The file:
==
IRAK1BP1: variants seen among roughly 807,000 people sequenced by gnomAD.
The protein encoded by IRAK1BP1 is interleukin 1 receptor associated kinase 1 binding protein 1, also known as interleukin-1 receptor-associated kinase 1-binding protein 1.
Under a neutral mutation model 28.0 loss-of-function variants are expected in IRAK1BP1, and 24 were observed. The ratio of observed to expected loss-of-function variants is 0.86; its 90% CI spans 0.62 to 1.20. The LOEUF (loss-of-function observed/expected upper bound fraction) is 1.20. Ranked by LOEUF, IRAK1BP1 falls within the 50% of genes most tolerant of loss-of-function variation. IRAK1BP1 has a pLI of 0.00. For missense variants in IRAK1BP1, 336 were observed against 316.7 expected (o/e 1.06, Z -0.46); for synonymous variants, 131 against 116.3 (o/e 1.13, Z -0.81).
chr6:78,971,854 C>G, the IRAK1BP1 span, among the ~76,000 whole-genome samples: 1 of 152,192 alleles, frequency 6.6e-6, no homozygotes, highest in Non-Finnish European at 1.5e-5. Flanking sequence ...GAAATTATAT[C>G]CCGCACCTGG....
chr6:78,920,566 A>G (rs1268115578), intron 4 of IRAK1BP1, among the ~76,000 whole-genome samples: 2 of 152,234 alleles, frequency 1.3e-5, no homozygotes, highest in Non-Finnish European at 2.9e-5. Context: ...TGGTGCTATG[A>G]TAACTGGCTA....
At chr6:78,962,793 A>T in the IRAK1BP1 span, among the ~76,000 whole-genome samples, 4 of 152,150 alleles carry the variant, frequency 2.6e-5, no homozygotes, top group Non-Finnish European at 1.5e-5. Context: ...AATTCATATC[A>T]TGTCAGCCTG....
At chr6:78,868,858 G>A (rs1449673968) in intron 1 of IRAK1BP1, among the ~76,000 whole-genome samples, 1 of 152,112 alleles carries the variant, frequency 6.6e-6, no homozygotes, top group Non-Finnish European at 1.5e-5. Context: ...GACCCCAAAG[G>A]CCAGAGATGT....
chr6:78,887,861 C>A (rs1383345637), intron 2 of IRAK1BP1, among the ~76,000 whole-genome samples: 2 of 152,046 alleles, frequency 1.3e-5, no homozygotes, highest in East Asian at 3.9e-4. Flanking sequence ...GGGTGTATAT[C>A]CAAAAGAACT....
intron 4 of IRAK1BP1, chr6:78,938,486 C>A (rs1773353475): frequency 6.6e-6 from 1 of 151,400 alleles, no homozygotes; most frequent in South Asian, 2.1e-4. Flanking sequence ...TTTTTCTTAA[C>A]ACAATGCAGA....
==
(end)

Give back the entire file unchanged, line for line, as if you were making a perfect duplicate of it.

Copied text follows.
IRAK1BP1: variants seen among roughly 807,000 people sequenced by gnomAD.
The protein encoded by IRAK1BP1 is interleukin 1 receptor associated kinase 1 binding protein 1, also known as interleukin-1 receptor-associated kinase 1-binding protein 1.
Under a neutral mutation model 28.0 loss-of-function variants are expected in IRAK1BP1, and 24 were observed. The ratio of observed to expected loss-of-function variants is 0.86; its 90% CI spans 0.62 to 1.20. The LOEUF (loss-of-function observed/expected upper bound fraction) is 1.20. Ranked by LOEUF, IRAK1BP1 falls within the 50% of genes most tolerant of loss-of-function variation. IRAK1BP1 has a pLI of 0.00. For missense variants in IRAK1BP1, 336 were observed against 316.7 expected (o/e 1.06, Z -0.46); for synonymous variants, 131 against 116.3 (o/e 1.13, Z -0.81).
chr6:78,971,854 C>G, the IRAK1BP1 span, among the ~76,000 whole-genome samples: 1 of 152,192 alleles, frequency 6.6e-6, no homozygotes, highest in Non-Finnish European at 1.5e-5. Flanking sequence ...GAAATTATAT[C>G]CCGCACCTGG....
chr6:78,920,566 A>G (rs1268115578), intron 4 of IRAK1BP1, among the ~76,000 whole-genome samples: 2 of 152,234 alleles, frequency 1.3e-5, no homozygotes, highest in Non-Finnish European at 2.9e-5. Context: ...TGGTGCTATG[A>G]TAACTGGCTA....
At chr6:78,962,793 A>T in the IRAK1BP1 span, among the ~76,000 whole-genome samples, 4 of 152,150 alleles carry the variant, frequency 2.6e-5, no homozygotes, top group Non-Finnish European at 1.5e-5. Context: ...AATTCATATC[A>T]TGTCAGCCTG....
At chr6:78,868,858 G>A (rs1449673968) in intron 1 of IRAK1BP1, among the ~76,000 whole-genome samples, 1 of 152,112 alleles carries the variant, frequency 6.6e-6, no homozygotes, top group Non-Finnish European at 1.5e-5. Context: ...GACCCCAAAG[G>A]CCAGAGATGT....
chr6:78,887,861 C>A (rs1383345637), intron 2 of IRAK1BP1, among the ~76,000 whole-genome samples: 2 of 152,046 alleles, frequency 1.3e-5, no homozygotes, highest in East Asian at 3.9e-4. Flanking sequence ...GGGTGTATAT[C>A]CAAAAGAACT....
intron 4 of IRAK1BP1, chr6:78,938,486 C>A (rs1773353475): frequency 6.6e-6 from 1 of 151,400 alleles, no homozygotes; most frequent in South Asian, 2.1e-4. Flanking sequence ...TTTTTCTTAA[C>A]ACAATGCAGA....